What Are My Transferable Skills?

March 23, 2015

Image of a stick figure with a question mark over head with different colored arrows pointing in different directions.Whether you are seeking a career in academia, industry, government or the non-profit sector, it is important to communicate your skills to employers. There are skills that almost every employer seeks no matter the sector. These often include: analytical, writing, leadership, communication and problem solving skills. Your work as a trainee has given you many opportunities to develop these skills. As emphasized in a Science Careers article, “The Transferable Postdoc,” don’t underestimate these abilities.

You can identify skills that you have already developed which will transfer to your next professional position. If you think about examples that show when you used these skills, you will be more confident about presenting these skills to potential employers.

In a training position, you may have strengthened your skills in a variety of ways. A postdoc experience is deconstructed as an example in the chart below:

Transferable Skill
Application of Skill
Analytical and
Problem-Solving Skills
Designing, planning and trouble-shooting projects
 Writing Skills Writing memos, reports and
papers for publication
 Public Speaking   Skills  Presenting your work in a lab
meeting or at a professional conference
 Communication Skills  Negotiating how to carry out projects/experiments with your
PI and/or colleagues
 Leadership Skills  Mentoring postbacs, graduate
students and other lab technicians

The National Postdoctoral Association (NPA) has determined six core competencies and they even created a self-assessment checklist to help you rate your current level. This can help you identify any gaps in your skills set. If you haven’t yet taken time to focus on some of these skill areas, particularly the communication and leadership skills, you can find opportunities now to get involved. Organizations like Felcom, your professional associations and NIH Institutes or Centers can provide good opportunities to develop skills.

• Volunteer to work on a committee or group to plan an event or program.
• Volunteer to mentor postbacs or summer students.
• (Professional Development) workshops and events also provide ways to strengthen skills or learn new ones. At the NIH, the OITE offers workshop on topics that include: teaching science, leadership, how to deal with conflict and many others. Check with your institutions to see what services they provide.

There are many other resources available to help you identify your strengths and skills. Start with myIDP*, http://myidp.sciencecareers.org/. This assessment tool will get you started thinking about skills interests and values, and can help you start planning your next career step with more confidence.

As a follow up, then meet with a career counselor, who can help you with goal setting and career planning as well. If you are an intramural trainee, you can make a free individual appointment with a career counselor by going to: https://www.training.nih.gov/career_services.

 

*Noting this resource does not constitute an endorsement by NIH OITE


You Didn’t Get Into Medical School – Now What?

March 15, 2015

Image of four circles in a square. The top two have a green check and green X mark. The bottom two have a red check and red X mark.First, take solace in the fact that you aren’t alone. According to the AAMC, there were over 48,000 medical school applicants in 2013. From that pool of applicants, less than half of them (20,055) matriculated into their first year of medical school.

Secondly, be heartened by recent reports like the one just released in March 2015, “The Complexities of Physician Supply and Demand: Projections from 2013 to 2025.” The conclusion of this study suggests “that demand for physician services is growing faster than physician supply and that by 2025 demand will exceed supply by 46,100 to 90,400 physicians.” Presumably, this also means that medical schools will continue to add spots in their programs to help meet the demand for future physicians. Not only will the demand for physicians grow, but so too will the demand for other health-care related positions like nurses or physician assistants.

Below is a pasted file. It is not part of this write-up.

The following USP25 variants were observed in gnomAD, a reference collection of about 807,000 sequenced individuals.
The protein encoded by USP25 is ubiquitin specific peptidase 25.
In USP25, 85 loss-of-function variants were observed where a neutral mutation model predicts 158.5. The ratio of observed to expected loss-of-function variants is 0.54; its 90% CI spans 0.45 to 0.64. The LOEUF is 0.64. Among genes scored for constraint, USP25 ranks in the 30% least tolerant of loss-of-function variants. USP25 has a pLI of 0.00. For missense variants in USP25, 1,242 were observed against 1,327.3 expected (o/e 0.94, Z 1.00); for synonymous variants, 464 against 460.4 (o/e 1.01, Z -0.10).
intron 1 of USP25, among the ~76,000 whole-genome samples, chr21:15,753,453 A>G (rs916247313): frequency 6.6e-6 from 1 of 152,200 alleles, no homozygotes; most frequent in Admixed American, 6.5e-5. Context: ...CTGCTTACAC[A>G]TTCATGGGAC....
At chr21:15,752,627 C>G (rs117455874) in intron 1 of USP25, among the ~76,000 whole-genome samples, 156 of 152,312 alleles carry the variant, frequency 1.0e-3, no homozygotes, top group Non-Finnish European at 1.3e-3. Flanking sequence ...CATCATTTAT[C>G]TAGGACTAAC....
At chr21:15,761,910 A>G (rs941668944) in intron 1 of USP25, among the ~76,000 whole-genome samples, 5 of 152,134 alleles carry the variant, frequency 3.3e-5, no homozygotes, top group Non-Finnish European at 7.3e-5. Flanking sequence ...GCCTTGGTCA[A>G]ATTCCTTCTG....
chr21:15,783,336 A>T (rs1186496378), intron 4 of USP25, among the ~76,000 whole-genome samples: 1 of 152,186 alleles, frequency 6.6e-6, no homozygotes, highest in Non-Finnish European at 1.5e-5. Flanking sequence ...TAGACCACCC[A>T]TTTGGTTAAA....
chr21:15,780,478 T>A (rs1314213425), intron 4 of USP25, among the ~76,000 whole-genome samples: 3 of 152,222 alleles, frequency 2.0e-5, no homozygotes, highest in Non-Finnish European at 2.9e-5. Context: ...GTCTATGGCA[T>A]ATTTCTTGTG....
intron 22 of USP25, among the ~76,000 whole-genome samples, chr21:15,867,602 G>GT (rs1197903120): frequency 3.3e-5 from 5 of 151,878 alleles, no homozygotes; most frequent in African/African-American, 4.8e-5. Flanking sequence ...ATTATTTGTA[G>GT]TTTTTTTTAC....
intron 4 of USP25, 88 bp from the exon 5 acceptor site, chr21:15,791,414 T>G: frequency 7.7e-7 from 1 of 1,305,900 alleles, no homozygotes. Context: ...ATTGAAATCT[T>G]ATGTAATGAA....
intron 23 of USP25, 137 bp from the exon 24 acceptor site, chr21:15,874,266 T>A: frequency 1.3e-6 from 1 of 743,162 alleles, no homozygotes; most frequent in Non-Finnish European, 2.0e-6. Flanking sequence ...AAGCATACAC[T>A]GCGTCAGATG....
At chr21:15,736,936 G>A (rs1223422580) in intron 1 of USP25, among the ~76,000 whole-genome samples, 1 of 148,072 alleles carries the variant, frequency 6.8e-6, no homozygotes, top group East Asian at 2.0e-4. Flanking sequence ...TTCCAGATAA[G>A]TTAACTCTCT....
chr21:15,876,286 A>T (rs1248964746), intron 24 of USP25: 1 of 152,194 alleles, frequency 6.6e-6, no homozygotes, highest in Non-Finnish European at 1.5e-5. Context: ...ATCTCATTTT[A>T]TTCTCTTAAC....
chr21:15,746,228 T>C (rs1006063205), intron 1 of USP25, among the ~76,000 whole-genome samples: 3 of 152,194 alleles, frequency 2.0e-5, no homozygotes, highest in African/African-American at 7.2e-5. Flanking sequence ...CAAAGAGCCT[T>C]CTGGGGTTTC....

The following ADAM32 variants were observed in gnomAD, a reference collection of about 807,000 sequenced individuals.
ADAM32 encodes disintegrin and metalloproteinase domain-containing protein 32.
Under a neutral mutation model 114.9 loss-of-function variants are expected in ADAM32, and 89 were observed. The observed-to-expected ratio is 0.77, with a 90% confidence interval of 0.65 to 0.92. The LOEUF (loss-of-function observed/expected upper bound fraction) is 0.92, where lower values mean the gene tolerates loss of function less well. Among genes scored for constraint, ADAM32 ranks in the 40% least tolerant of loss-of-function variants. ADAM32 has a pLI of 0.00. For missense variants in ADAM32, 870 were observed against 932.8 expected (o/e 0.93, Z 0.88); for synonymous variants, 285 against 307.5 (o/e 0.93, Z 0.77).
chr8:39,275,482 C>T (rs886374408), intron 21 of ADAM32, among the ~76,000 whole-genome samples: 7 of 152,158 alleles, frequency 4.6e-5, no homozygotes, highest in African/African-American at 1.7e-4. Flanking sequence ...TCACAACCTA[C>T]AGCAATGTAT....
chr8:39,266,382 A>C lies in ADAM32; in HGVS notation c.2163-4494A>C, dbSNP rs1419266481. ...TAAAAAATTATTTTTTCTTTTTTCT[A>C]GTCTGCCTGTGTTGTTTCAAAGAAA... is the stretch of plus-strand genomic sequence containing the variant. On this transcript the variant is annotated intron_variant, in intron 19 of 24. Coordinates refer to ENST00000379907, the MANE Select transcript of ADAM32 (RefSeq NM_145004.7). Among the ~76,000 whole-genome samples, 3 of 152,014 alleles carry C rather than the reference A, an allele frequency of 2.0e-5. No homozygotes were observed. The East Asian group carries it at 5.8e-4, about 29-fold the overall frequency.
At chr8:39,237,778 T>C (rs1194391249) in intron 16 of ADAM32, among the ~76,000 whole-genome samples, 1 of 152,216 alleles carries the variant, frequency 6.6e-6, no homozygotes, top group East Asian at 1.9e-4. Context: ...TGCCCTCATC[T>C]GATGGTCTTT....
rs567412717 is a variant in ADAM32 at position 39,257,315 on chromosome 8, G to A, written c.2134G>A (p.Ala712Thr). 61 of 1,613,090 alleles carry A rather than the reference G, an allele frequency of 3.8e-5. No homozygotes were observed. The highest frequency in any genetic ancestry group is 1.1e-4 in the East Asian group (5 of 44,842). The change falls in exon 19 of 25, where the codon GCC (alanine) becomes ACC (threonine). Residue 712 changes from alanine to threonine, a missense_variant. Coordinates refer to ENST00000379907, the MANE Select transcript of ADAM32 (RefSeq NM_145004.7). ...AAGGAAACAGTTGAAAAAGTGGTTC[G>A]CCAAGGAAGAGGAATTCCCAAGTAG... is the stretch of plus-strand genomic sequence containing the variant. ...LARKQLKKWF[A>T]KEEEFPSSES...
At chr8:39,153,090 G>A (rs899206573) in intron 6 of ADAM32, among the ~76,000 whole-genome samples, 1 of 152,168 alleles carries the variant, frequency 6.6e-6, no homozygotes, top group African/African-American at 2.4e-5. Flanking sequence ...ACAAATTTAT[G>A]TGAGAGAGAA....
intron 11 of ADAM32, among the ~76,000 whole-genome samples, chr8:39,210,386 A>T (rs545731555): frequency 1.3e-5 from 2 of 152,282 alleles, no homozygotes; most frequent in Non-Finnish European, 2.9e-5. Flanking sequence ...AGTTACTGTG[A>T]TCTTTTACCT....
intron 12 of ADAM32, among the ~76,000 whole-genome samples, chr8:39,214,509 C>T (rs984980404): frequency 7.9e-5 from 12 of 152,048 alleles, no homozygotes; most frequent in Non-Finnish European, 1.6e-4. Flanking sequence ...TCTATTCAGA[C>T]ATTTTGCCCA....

If you are really interested in helping people in a medical setting, then there are lots of career possibilities. Don’t let one rejection get you down for too long; however, it is likely that you are asking yourself what you should do now. Should you apply again? If you are willing to tackle the application time and cost yet again, then here are a few other things to consider:

  • What were the true deficits in your application? Can these be remedied by the next deadline?
    The other applicants aren’t going to be less competitive next year, so you must take ownership of this process in order to improve your application. That means that there must be a marked improvement in: MCAT score, clinical hours, new publications or awards, or an increase in your science GPA. These can be difficult areas to quickly improve in a year’s time, even though it can be done with dedication and focus.  However, if some of your mistakes included applying late in the cycle, having a poor personal statement, or bombing an interview, then you can take steps to help overcome these challenges more quickly and easily.

  • Did you overlook schools/programs that could be a good fit?
    Make sure you have a realistic understanding of your credentials versus the admissions requirements at various medical schools. Sure, it would be wonderful to be admitted to you first choice school, but it is important to honestly assess these chances. Perhaps during the first round of applications, you ignored osteopathic schools or you didn’t even consider other medical routes like becoming a nurse, nurse practitioner, or physician assistant. Take some time to reflect on all of your options and open up your mind to the possibilities.

Whether you need help handling the stress and anxiety of this process, talking through your options, or better understanding the medical school application process, then come into the OITE*. Here, you can meet with wellness counselors, career counselors or medical school advisors to help you during your next step planning.